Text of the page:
A look at Pre-cat Lacquer

If you love lacquer but wish it was more durable, take a look at pre-catalyzed (pre-cat) lacquer. It retains the best qualities of traditional lacquer but provides a harder surface that better resists abrasion, thanks to a catalyst (think of two-part epoxy) that initiates a chemical reaction as the finish dries. Lacquer thinner remains the vehicle for pre-cat, but the resins vary from traditional lacquer formulations.

"Pre-catalyzed" means the manufacturer or dealer adds the hardening agent before you receive the product, photo above, you would mix post-catalyzed material in your shop.

The lowdown on lacquer
Lacquer, consisting of various resins dissolved in lacquer thinner, has proven a versatile finish for almost a century. Pro finishers and furniture manufacturers love lacquer because it sprays on smoothly and evenly without sagging or running, builds fast, and dries quickly. It can be clear or pigmented, and its hard, flexible surface polishes to a high shine.

And it's forgiving: To repair damage, just spray on more lacquer. The new coat partially dissolves the existing film and blends into it.

The unique nature of lacquer thinner—it's a blend of several solvents that evaporate at different rates—accounts for those winning properties. The thinner starts to evaporate as soon as the spray leaves the nozzle. By the time the finish hits the wood, it has already started to dry. This quick drying makes lacquer challenging to apply with a brush—for brush application, buy a specific "brushing lacquer" formulation.

When to use pre-cat lacquer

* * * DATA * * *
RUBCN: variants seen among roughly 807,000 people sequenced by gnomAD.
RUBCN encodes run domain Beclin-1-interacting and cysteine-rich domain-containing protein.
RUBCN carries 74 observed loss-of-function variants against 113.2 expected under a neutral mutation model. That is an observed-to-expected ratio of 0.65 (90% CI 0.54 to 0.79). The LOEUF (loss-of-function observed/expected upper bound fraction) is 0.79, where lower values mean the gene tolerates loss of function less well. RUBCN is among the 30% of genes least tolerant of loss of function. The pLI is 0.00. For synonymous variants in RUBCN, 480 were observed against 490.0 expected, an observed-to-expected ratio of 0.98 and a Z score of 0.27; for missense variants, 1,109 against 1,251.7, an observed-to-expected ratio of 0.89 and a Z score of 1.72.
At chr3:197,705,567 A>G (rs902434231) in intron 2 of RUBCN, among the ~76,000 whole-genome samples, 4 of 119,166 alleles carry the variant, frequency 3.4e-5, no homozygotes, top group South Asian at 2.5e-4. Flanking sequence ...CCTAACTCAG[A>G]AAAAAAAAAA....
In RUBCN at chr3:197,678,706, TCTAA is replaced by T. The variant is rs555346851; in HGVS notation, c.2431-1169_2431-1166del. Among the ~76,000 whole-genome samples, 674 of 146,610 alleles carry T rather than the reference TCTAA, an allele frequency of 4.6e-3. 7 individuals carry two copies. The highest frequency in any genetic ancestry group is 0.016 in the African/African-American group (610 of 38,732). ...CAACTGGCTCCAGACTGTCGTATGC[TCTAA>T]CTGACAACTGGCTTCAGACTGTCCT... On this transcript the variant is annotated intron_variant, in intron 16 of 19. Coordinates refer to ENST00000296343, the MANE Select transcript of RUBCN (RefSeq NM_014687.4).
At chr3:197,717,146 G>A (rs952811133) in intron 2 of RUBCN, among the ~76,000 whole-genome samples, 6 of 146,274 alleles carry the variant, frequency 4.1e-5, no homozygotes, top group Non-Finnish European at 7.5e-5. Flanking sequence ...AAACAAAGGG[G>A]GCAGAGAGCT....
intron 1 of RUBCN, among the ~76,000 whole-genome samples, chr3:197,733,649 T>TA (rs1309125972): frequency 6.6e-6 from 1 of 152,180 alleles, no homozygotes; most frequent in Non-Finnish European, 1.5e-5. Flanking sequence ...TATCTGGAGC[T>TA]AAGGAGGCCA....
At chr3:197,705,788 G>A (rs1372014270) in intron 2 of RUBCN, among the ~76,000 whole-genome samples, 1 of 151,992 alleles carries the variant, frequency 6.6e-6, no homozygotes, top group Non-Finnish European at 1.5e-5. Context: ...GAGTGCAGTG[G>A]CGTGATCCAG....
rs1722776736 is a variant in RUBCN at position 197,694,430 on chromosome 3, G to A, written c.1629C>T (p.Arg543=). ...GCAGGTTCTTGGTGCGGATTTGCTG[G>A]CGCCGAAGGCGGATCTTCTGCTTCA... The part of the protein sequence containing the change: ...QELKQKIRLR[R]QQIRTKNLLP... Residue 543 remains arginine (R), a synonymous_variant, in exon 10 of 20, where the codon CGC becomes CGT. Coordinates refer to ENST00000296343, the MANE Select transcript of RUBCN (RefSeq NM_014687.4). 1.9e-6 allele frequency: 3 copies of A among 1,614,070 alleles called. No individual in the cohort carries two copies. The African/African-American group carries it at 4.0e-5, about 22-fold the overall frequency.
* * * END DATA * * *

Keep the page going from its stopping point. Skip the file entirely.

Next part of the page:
Versatile and durable pre-cat lacquer makes a great finish for indoor furniture and cabinetry. Think of it mainly as a big-project finish (see A question of quantity, shown below). Once dry, pre-cat lacquer rates safe for food contact and resists damage from most food items, water, and alcohol. But, it isn't as impervious to damage as polyurethane. Lacquer imparts a rich glow, and the finish feels nice to the touch.

"A question" chart

Applying pre-cat lacquer

Lacquer works best as a spray finish, applied to dry wood finish-sanded to at least 220 grit. High-volume, low-pressure (HVLP) spray equipment proves best for application because it greatly reduces bounce-back and overspray compared with conventional high-pressure spray guns. Nonetheless, you should wear safety goggles and a respirator suitable for organic vapors when spraying pre-cat lacquer.

Provide adequate ventilation, photo below. On a nice day, spray outside in your driveway or on the patio; the lacquer dries quickly enough that bugs and dust won't mar the finish.

Man w/spray gun and captions
Avoid breathing lacquer mist or getting it in your eyes. Ventilate the finishing area and keep the air moving to prevent vapor concentration.

Spray light coats to build the finish. Smooth, slightly wet coats reduce the need for between-coats sanding. If you do sand, let the finish dry an hour or so. (Follow the manufacturer's recommendations.) Wear a particulate mask when sanding.

 

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